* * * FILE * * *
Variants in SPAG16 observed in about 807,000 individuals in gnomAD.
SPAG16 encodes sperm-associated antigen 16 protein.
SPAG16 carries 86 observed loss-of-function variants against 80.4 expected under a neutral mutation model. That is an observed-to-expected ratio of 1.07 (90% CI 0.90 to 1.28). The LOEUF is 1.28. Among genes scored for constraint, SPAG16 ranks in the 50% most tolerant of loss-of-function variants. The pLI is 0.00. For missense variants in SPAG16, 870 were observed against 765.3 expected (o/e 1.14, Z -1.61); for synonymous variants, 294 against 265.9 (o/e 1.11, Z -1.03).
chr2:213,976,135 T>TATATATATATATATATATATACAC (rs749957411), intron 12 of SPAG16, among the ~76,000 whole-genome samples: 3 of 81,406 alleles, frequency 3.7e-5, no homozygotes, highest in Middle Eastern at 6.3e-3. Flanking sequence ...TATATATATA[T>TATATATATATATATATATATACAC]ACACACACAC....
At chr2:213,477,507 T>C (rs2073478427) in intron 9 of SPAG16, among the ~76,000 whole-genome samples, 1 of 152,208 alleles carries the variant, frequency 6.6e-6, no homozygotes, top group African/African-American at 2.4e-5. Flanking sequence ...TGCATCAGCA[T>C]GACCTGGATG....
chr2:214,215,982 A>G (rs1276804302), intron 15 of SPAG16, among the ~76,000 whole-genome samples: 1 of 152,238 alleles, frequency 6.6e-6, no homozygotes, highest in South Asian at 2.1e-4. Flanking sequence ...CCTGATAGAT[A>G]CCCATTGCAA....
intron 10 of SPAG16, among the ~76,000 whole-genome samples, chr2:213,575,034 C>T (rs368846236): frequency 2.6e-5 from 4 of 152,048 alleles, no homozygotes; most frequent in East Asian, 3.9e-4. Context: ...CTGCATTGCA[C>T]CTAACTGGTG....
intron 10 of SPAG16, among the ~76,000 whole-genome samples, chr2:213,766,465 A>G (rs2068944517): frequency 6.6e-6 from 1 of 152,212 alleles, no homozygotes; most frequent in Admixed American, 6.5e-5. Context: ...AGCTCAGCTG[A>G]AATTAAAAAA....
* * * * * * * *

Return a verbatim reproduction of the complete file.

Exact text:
Variants in SPAG16 observed in about 807,000 individuals in gnomAD.
SPAG16 encodes sperm-associated antigen 16 protein.
SPAG16 carries 86 observed loss-of-function variants against 80.4 expected under a neutral mutation model. That is an observed-to-expected ratio of 1.07 (90% CI 0.90 to 1.28). The LOEUF is 1.28. Among genes scored for constraint, SPAG16 ranks in the 50% most tolerant of loss-of-function variants. The pLI is 0.00. For missense variants in SPAG16, 870 were observed against 765.3 expected (o/e 1.14, Z -1.61); for synonymous variants, 294 against 265.9 (o/e 1.11, Z -1.03).
chr2:213,976,135 T>TATATATATATATATATATATACAC (rs749957411), intron 12 of SPAG16, among the ~76,000 whole-genome samples: 3 of 81,406 alleles, frequency 3.7e-5, no homozygotes, highest in Middle Eastern at 6.3e-3. Flanking sequence ...TATATATATA[T>TATATATATATATATATATATACAC]ACACACACAC....
At chr2:213,477,507 T>C (rs2073478427) in intron 9 of SPAG16, among the ~76,000 whole-genome samples, 1 of 152,208 alleles carries the variant, frequency 6.6e-6, no homozygotes, top group African/African-American at 2.4e-5. Flanking sequence ...TGCATCAGCA[T>C]GACCTGGATG....
chr2:214,215,982 A>G (rs1276804302), intron 15 of SPAG16, among the ~76,000 whole-genome samples: 1 of 152,238 alleles, frequency 6.6e-6, no homozygotes, highest in South Asian at 2.1e-4. Flanking sequence ...CCTGATAGAT[A>G]CCCATTGCAA....
intron 10 of SPAG16, among the ~76,000 whole-genome samples, chr2:213,575,034 C>T (rs368846236): frequency 2.6e-5 from 4 of 152,048 alleles, no homozygotes; most frequent in East Asian, 3.9e-4. Context: ...CTGCATTGCA[C>T]CTAACTGGTG....
intron 10 of SPAG16, among the ~76,000 whole-genome samples, chr2:213,766,465 A>G (rs2068944517): frequency 6.6e-6 from 1 of 152,212 alleles, no homozygotes; most frequent in Admixed American, 6.5e-5. Context: ...AGCTCAGCTG[A>G]AATTAAAAAA....